News roundup for July 2002

Compiled by Catherine Redfern

, 15 July 2002

Ladyfest London tickets on sale now!

www.ladyfestlondon.org
www.meanfiddler.com
www.ticketmaster.co.uk

Amy Lou, festival organiser, says: “We are very pleased to announce that tickets for Ladyfest London are now on sale! They are: £40 for a full 4 day pass, £15 per single day pass (except the single day pass for Thursday 1st August which is £10).

“You can buy these tickets from 020 7344 0044, www.meanfiddler.com, www.ticketmaster.co.uk, Stargreen, WayAhead and for face value (with no booking fee) from The Ticket Shop in Camden and The Astoria Box Office. There is only a limited number of the full day passes, and of each of the single day passes, so book early to make sure you get the type of ticket you want. I will be posting the full list of events taking place at the festival soon and it will go up on our website www.ladyfestlondon.org . If you are not from London and need to book a place to stay, there are details of the special offer that we have at The Generator Hostel on our website. So, get booking your tickets!”

Where are the girls? BBC staff pull feminist stunt

Unidentified BBC staff pulled superb feminist guerilla action when they sneaked into Television Centre late one night and left their protest against a corridor full of photographs of the BBC’s most treasured stars. Who? John Humphreys, Jeremy Paxman, Andrew Marr… yes, you guessed it – all along the corridor it’s photos of men in suits – the first female face, way down the corridor, is Victoria Wood in a silly costume. The unknown graffit-ists stuck Dame Edna-style spectacles over the eyes of all the men, and stuck “where are the girls?” stickers up. “You never know where [we] will strike next” said a spokeswoman. “We might break into transmission and change the channel logos to BBC One Gender. We have agents in every department.. there may be one sitting next to you.” You go, possums!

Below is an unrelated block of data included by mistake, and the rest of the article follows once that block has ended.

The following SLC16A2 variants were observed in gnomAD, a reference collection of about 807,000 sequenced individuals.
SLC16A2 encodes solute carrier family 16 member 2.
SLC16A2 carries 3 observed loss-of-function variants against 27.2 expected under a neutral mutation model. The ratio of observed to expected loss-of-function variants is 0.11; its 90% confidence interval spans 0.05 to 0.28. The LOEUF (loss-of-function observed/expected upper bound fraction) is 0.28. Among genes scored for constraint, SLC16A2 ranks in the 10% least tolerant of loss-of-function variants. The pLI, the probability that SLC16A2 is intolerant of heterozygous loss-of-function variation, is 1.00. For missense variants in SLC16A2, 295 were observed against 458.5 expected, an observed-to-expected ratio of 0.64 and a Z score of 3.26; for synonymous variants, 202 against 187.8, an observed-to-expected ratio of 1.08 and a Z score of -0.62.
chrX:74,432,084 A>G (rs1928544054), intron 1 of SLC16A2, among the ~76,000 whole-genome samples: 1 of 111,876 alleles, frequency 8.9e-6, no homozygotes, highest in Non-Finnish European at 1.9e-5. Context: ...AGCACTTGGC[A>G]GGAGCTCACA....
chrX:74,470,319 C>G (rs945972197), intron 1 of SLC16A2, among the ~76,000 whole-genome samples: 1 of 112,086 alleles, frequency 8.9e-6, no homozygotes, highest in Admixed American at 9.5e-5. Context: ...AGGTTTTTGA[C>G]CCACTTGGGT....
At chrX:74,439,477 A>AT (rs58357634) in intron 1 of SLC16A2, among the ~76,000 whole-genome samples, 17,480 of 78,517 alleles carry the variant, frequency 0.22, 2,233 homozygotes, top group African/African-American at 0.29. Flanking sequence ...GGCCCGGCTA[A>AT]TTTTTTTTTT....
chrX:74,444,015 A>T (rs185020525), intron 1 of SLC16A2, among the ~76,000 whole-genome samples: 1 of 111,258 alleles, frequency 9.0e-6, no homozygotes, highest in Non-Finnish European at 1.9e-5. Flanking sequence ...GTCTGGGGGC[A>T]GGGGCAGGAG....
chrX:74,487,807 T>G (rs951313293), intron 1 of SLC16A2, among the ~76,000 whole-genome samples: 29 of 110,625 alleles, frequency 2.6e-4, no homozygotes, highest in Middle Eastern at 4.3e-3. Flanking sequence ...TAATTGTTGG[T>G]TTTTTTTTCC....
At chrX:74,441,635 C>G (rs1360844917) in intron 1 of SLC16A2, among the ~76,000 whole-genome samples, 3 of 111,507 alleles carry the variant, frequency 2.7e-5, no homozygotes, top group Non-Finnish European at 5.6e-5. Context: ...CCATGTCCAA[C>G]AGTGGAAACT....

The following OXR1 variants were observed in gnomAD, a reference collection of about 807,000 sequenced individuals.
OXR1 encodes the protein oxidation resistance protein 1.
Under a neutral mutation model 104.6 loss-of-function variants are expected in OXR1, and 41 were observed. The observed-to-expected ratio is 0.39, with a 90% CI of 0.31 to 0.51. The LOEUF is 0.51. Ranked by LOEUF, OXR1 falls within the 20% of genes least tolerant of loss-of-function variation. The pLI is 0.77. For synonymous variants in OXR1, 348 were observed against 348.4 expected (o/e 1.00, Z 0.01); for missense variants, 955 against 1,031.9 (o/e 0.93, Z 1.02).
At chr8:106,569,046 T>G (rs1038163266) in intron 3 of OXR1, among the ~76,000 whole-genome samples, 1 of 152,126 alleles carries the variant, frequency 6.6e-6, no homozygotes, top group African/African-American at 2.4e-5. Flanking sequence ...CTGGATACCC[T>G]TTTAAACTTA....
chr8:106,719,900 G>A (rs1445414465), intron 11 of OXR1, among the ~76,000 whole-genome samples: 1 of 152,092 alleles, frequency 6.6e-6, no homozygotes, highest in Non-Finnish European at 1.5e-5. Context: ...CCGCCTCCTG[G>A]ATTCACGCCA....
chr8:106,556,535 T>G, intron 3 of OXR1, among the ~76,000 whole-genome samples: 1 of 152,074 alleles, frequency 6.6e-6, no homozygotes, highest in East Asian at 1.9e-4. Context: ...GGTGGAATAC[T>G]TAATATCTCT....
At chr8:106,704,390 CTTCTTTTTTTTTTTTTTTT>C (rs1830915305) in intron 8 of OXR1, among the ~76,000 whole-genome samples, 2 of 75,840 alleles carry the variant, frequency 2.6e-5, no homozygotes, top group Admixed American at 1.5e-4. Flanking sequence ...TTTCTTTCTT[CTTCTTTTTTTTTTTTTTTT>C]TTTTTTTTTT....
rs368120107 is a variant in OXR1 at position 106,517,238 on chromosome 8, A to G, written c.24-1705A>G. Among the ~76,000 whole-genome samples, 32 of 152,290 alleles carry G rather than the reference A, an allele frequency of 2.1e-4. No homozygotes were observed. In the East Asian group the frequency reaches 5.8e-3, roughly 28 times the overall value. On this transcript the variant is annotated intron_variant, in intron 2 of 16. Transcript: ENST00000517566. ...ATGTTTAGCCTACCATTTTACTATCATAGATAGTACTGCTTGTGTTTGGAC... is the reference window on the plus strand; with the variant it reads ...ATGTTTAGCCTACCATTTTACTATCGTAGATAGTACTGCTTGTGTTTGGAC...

RU-486 to be made available at family planning clinics – but anti-choice campaigners say it makes abortion “too easy”

Independent Report